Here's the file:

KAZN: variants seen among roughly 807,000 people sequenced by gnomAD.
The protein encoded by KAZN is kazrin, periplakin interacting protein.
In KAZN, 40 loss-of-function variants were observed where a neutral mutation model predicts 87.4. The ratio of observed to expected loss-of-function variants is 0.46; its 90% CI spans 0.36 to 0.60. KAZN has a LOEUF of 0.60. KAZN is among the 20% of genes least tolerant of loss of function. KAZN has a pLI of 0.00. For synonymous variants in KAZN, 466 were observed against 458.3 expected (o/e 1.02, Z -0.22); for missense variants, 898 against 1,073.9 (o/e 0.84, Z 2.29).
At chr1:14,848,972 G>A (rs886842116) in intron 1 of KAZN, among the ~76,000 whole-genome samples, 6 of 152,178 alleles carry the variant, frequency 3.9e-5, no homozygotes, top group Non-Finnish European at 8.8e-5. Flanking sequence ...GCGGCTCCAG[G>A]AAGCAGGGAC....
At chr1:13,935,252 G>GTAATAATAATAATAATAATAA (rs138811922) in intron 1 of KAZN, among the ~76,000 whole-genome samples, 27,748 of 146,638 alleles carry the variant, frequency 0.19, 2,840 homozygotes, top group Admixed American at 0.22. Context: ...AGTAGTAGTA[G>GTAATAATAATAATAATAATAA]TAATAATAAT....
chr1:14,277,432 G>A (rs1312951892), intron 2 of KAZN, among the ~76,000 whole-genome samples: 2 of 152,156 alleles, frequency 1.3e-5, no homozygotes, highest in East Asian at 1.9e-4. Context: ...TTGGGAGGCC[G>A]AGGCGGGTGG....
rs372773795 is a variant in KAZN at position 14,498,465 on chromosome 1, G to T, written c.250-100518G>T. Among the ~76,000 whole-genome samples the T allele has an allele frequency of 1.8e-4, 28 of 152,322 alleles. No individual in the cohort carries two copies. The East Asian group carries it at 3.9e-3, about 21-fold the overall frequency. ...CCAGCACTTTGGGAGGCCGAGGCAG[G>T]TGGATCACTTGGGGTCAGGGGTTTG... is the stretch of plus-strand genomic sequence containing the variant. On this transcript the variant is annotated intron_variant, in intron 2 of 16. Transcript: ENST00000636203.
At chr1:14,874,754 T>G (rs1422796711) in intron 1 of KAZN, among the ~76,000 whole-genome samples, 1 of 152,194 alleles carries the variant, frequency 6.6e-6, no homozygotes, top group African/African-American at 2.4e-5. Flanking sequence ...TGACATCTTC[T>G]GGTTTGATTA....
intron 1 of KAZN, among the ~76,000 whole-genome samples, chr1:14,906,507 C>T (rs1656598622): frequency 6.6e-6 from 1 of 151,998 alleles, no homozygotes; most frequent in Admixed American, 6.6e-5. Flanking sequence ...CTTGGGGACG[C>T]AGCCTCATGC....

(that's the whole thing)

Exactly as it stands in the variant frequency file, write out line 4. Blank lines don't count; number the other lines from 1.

At chr1:14,848,972 G>A (rs886842116) in intron 1 of KAZN, among the ~76,000 whole-genome samples, 6 of 152,178 alleles carry the variant, frequency 3.9e-5, no homozygotes, top group Non-Finnish European at 8.8e-5. Flanking sequence ...GCGGCTCCAG[G>A]AAGCAGGGAC....